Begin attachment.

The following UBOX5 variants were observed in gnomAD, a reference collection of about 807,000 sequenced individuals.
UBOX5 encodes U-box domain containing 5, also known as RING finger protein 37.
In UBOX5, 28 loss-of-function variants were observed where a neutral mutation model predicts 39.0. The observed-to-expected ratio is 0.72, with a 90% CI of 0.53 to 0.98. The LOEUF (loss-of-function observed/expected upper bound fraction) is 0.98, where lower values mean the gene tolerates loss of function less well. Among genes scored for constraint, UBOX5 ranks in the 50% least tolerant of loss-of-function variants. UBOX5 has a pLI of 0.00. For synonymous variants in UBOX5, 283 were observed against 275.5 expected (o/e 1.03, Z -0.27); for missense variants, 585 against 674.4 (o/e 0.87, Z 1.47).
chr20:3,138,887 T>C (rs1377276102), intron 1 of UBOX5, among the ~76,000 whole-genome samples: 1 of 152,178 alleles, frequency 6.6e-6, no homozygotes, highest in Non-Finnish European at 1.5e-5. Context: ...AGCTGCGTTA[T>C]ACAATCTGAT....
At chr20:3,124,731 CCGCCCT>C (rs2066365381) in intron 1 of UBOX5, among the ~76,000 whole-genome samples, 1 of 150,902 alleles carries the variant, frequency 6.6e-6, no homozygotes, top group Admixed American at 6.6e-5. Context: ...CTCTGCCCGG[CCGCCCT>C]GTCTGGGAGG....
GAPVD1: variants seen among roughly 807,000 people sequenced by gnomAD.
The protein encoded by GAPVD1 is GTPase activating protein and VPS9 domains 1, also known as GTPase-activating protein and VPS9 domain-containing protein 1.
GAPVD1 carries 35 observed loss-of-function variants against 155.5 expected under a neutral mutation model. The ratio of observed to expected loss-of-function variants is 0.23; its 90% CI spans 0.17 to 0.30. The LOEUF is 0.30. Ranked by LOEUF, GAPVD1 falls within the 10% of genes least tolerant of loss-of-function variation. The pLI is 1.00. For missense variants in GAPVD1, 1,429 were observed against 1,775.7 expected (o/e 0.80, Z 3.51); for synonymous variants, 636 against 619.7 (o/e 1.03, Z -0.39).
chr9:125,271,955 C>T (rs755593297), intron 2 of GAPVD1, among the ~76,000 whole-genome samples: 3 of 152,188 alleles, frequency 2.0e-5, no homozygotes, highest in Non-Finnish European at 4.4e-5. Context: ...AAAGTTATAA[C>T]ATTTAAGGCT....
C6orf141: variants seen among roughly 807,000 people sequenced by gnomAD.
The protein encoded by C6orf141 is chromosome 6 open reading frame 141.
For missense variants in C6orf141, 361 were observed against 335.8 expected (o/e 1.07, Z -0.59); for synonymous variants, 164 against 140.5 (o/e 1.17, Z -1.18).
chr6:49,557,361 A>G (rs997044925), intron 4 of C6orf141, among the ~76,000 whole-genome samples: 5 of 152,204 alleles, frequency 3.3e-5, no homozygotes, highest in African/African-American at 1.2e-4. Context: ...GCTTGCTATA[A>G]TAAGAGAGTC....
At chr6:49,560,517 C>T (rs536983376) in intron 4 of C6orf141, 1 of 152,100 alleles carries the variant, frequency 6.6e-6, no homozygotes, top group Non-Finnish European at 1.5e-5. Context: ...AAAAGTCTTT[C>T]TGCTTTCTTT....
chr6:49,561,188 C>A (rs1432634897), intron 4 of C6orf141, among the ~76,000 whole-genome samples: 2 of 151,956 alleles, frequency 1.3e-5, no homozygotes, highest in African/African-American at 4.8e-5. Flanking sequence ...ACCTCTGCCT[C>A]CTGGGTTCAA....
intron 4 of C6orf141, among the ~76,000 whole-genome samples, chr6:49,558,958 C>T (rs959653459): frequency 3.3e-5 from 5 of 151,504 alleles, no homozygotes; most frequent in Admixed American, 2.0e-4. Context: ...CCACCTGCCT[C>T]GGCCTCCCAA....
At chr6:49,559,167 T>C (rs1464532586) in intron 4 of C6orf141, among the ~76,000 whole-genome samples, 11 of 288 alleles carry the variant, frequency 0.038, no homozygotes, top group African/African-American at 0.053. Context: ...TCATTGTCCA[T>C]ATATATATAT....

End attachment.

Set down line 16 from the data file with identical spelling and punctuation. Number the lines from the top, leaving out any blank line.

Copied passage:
intron 4 of C6orf141, among the ~76,000 whole-genome samples, chr6:49,558,958 C>T (rs959653459): frequency 3.3e-5 from 5 of 151,504 alleles, no homozygotes; most frequent in Admixed American, 2.0e-4. Context: ...CCACCTGCCT[C>T]GGCCTCCCAA....